Those who work on human trafficking investigations are aware of the large amount of false documentation often found in premises used to house trafficking victims. This documentation is usually good quality and hence it can be simple for a trafficker to produce documentation indicating that they are the child’s father – especially in cases where the child has also been used for benefit fraud as well as pickpocketing.

Contrast the above scenario with the case of three detainees who tell the police that they are aged 15, when in actual fact one is age 20 and actively working as an enforcer of the other two. If a custody sergeant decides that there is a likelihood of the detainees being trafficking victims, and treats them all as victim, this may jeopardise any investigation into their criminal activities and again, the trafficking victims may see the police as being ‘soft’ on their enforcer and assume that he has paid off the police (as is common in many of the Origin countries for the trafficking victims). Hence the enforcer’s victims will not be open to the police, and the enforcer may be released into the hands of the social services and have disappeared within 24 hours.

These are just two of the many scenarios which a custody sergeant may face, there are many others. For example if a potential trafficking victim is kept in a cell for a few hours while the investigating officer/arresting officer decides whether that detainee is a victim or potentially involved in criminal activity, or both, any trust that the victim had in the police may have been lost by the police placing them in the exact same situation as the traffickers – locking them in a room and telling them not to worry as they are safe. The alternative is to treat the detainee as a potential victim, but this may have serious implications for any future investigation and prosecution if it can be argued that even the police did not suspect them as being involved in criminal activity. Ultimately this always has to be an operational decision, but it is a decision that should be made with awareness of the issues surrounding potential human trafficking victims.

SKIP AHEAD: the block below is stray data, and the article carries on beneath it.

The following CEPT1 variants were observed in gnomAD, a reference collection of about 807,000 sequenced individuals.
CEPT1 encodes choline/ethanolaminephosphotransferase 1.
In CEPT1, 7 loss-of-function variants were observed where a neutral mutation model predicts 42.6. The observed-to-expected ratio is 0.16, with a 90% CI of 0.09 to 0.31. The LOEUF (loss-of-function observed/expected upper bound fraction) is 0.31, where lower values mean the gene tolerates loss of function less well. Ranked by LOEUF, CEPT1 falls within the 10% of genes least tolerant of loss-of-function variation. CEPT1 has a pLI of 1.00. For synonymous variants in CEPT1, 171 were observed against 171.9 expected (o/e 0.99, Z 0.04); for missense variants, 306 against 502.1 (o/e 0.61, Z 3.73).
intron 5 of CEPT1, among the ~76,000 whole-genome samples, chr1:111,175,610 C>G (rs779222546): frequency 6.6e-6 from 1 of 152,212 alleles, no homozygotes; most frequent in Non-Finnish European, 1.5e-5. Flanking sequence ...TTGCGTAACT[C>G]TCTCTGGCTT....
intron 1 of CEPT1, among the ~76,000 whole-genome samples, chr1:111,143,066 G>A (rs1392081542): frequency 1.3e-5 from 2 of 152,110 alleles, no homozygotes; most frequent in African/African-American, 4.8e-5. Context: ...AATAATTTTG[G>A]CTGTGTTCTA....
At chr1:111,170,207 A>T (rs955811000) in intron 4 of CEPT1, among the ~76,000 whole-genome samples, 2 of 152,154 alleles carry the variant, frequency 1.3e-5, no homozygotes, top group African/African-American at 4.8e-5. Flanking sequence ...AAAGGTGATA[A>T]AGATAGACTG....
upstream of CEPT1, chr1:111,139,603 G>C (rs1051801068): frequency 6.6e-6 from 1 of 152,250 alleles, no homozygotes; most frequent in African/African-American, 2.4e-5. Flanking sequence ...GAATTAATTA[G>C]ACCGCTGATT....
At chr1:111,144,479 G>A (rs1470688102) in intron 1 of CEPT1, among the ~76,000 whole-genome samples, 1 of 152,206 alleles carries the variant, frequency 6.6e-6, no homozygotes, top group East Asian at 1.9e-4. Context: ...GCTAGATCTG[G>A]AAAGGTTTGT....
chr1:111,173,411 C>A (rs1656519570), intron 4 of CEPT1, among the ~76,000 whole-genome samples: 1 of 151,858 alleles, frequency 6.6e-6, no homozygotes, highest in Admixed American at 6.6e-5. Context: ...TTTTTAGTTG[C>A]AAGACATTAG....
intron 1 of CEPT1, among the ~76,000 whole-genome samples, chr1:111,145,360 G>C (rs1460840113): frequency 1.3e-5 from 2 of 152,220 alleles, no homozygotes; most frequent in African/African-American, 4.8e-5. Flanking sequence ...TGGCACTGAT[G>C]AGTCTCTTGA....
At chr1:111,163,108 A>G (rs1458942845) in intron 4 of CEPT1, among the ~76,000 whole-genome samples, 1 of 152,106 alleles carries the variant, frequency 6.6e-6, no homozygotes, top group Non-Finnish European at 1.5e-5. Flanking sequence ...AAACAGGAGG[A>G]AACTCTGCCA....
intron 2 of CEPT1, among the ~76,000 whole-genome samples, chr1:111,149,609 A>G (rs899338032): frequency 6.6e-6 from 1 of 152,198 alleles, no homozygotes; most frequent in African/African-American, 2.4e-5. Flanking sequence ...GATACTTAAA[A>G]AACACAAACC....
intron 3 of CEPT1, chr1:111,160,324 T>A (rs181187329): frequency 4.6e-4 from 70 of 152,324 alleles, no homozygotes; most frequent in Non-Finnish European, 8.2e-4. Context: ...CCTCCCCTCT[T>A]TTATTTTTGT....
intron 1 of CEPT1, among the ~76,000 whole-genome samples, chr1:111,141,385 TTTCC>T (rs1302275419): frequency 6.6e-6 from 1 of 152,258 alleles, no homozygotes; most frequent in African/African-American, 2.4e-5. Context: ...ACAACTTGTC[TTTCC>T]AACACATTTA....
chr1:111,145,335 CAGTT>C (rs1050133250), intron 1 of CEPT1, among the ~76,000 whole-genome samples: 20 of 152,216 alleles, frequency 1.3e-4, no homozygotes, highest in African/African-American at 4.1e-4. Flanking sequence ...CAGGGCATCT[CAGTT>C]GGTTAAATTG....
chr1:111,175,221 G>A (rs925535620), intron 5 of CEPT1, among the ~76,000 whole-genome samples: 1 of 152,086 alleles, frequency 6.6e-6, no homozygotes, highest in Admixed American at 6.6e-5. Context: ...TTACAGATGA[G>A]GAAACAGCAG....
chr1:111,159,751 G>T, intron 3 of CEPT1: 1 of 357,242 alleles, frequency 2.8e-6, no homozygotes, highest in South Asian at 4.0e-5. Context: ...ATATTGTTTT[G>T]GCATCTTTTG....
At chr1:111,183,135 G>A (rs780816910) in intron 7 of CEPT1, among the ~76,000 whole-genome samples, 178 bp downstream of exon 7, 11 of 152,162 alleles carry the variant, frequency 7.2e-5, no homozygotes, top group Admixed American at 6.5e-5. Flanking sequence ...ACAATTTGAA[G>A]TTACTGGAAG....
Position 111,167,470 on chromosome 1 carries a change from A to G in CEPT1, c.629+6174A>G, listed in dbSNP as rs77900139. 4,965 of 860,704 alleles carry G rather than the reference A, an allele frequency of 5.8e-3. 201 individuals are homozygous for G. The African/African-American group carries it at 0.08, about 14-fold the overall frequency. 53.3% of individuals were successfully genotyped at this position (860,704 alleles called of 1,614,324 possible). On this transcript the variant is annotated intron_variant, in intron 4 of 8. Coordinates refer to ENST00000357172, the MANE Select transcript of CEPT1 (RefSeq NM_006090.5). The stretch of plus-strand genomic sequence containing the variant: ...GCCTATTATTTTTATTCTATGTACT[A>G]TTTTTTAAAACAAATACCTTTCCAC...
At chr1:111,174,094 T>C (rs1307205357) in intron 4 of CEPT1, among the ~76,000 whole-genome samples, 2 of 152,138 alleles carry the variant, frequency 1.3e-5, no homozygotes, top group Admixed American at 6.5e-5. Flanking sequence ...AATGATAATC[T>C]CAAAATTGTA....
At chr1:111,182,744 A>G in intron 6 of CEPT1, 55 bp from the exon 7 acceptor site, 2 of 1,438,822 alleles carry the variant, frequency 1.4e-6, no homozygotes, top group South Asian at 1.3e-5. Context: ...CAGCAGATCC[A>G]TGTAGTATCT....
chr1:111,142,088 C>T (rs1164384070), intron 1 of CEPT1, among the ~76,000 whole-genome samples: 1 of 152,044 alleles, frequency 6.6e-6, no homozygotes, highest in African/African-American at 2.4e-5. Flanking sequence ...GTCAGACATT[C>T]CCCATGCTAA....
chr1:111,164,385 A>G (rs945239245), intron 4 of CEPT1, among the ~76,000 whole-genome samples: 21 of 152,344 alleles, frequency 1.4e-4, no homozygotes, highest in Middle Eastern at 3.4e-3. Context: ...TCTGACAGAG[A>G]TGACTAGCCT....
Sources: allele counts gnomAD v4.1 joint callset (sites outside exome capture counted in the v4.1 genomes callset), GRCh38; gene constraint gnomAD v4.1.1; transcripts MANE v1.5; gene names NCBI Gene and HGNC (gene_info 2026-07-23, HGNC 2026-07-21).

Hence, while each police authority may have set up specialist units to investigate human trafficking, it may be the custody sergeant who plays the most important part in making or breaking the trust of a human trafficking victim. I do not, for one minute, suggest that custody sergeants and initial arresting officers are not going to recognise that in some situations the relationship between a child and a appropriate adult does not seem right, but taking the leap from this to recognising a potential human trafficking victim may be difficult.

Migrant Helpline is a Home Office/UK Human Trafficking Centre recognised first responder for potential human trafficking victims and offers free training to frontline officers and custody sergeants on identifying human trafficking victims and the current human trafficking trends. For more information contact Alison Gurden on 

To strike or not to strike? Why Criminal Lawyers should make up their own mind and not be swayed by others.

Having read many comments and blogs over the past few weeks regarding whether the Criminal Bar should refuse publicly funded work, effectively to strike, I have decided to weigh into the debate.

Firstly, make no mistake, I am appalled at the way the MOJ have behaved towards the legal aid consultation, and I believe that Chris Grayling has made it clear that he knows nothing about criminal practitioners, nor does he want to. His actions and comments have ranged from deceitful to childish, and in the main have been nothing to do with supporting the profession which works long hours day after day to represent those who are unfortunate enough to find themselves in the criminal courts, but instead have been everything to do with trying to win the support of the Middle England voters who have been fotunate enough to have never been involved in the criminal justice system.